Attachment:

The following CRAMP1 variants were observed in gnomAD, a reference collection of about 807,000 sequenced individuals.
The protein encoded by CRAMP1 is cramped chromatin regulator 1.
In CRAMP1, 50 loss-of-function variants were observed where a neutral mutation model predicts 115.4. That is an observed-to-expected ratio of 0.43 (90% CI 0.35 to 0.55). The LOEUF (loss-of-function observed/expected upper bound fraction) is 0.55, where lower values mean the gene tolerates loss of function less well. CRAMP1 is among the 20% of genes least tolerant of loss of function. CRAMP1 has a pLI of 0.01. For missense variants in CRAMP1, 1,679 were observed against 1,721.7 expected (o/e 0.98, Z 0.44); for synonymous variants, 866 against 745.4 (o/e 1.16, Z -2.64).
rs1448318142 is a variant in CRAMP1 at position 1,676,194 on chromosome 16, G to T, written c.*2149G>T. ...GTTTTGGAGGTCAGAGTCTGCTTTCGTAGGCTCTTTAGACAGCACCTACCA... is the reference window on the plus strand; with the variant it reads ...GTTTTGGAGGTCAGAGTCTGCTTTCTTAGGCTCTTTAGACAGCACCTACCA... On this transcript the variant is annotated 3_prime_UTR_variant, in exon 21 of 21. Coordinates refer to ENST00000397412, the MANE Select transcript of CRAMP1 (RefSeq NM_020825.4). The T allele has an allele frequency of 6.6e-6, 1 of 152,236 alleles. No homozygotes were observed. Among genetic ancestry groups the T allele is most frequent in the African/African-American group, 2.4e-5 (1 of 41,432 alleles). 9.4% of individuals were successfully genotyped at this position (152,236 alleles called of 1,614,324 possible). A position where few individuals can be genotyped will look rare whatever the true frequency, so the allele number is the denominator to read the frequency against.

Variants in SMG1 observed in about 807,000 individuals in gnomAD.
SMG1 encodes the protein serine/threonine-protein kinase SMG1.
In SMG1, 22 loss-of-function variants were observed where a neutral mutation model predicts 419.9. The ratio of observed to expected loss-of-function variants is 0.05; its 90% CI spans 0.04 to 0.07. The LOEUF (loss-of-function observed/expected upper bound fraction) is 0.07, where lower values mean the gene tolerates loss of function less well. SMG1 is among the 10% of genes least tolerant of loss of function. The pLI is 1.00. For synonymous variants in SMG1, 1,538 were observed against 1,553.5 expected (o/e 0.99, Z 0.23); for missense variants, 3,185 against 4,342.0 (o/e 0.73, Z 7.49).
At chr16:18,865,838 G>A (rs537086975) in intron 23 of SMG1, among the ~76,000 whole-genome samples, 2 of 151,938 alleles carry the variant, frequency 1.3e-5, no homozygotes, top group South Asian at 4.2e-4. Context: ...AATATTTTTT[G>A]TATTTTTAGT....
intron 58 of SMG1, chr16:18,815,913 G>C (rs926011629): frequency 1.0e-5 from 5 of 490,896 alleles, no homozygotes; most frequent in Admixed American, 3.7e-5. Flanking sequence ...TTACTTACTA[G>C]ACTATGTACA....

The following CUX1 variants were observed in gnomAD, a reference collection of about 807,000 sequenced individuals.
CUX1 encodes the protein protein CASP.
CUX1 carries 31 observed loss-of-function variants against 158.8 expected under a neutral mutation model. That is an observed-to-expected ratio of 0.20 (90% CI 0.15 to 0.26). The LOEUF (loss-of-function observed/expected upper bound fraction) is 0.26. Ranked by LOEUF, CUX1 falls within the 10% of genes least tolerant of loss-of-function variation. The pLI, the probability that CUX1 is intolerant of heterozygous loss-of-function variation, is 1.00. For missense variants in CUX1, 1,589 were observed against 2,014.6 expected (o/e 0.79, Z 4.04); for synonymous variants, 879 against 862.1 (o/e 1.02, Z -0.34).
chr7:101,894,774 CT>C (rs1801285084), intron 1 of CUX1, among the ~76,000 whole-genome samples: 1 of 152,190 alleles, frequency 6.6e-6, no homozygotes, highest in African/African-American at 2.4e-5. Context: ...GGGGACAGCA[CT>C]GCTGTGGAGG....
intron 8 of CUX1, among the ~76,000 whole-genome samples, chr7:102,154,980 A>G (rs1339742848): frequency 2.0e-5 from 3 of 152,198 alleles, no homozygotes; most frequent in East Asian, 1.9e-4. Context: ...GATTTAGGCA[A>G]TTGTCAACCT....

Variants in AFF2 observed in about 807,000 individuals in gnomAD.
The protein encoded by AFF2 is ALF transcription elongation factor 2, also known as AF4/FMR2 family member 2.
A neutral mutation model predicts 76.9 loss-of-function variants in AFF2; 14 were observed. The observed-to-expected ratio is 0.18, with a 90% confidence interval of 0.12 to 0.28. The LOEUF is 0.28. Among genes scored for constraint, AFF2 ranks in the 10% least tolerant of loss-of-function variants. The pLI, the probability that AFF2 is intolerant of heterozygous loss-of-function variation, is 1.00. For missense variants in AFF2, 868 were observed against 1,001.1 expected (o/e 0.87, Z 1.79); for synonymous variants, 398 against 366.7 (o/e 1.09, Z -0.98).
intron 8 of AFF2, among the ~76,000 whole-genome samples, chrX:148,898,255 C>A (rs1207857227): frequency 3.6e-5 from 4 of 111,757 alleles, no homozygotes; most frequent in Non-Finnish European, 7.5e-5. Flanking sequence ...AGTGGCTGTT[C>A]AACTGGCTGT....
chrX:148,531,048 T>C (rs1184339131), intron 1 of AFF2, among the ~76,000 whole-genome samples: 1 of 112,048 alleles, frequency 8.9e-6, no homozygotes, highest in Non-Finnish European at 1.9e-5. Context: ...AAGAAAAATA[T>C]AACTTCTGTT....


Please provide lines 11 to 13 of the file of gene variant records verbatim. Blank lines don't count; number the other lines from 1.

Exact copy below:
CUX1 encodes the protein protein CASP.
CUX1 carries 31 observed loss-of-function variants against 158.8 expected under a neutral mutation model. That is an observed-to-expected ratio of 0.20 (90% CI 0.15 to 0.26). The LOEUF (loss-of-function observed/expected upper bound fraction) is 0.26. Ranked by LOEUF, CUX1 falls within the 10% of genes least tolerant of loss-of-function variation. The pLI, the probability that CUX1 is intolerant of heterozygous loss-of-function variation, is 1.00. For missense variants in CUX1, 1,589 were observed against 2,014.6 expected (o/e 0.79, Z 4.04); for synonymous variants, 879 against 862.1 (o/e 1.02, Z -0.34).
chr7:101,894,774 CT>C (rs1801285084), intron 1 of CUX1, among the ~76,000 whole-genome samples: 1 of 152,190 alleles, frequency 6.6e-6, no homozygotes, highest in African/African-American at 2.4e-5. Context: ...GGGGACAGCA[CT>C]GCTGTGGAGG....